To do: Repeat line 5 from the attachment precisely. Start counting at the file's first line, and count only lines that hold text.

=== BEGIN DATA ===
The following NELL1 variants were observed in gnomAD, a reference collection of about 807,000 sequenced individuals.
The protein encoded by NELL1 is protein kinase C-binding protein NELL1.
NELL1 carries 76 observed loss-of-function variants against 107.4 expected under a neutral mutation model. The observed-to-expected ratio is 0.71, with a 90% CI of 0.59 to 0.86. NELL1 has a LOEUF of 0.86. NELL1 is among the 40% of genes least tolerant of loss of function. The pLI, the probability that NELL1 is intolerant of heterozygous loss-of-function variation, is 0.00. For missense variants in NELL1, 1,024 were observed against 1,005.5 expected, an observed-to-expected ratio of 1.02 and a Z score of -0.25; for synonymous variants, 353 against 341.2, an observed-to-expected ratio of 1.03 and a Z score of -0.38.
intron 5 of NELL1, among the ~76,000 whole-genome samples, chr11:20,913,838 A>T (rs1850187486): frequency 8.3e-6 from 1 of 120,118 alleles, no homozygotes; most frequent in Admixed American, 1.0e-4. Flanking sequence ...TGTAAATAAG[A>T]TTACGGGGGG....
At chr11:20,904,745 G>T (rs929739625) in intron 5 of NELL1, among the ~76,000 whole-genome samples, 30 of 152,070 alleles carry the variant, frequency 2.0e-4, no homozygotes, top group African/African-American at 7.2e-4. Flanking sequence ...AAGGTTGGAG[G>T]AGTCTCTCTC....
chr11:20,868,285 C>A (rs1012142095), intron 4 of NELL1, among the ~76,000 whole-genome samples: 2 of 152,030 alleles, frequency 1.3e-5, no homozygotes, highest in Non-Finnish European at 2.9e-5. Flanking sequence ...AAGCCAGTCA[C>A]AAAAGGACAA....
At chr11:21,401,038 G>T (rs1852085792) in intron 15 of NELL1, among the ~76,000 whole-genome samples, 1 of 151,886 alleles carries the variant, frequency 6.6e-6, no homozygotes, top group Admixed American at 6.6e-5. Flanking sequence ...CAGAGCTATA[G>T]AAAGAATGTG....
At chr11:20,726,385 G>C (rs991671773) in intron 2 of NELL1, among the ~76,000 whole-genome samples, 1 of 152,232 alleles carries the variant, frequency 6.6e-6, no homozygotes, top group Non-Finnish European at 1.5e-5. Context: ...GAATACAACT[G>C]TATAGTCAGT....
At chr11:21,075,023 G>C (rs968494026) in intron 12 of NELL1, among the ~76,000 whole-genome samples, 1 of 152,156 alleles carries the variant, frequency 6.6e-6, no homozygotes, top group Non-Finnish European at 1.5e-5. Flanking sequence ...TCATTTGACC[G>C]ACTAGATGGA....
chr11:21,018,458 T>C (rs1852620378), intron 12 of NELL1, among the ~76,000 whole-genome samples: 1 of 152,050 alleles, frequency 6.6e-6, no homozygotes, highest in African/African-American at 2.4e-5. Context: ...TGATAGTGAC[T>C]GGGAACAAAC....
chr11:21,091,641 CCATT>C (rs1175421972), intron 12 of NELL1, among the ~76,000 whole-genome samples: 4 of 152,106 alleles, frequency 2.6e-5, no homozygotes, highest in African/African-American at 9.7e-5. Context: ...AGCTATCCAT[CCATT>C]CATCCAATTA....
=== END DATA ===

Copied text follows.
At chr11:20,904,745 G>T (rs929739625) in intron 5 of NELL1, among the ~76,000 whole-genome samples, 30 of 152,070 alleles carry the variant, frequency 2.0e-4, no homozygotes, top group African/African-American at 7.2e-4. Flanking sequence ...AAGGTTGGAG[G>T]AGTCTCTCTC....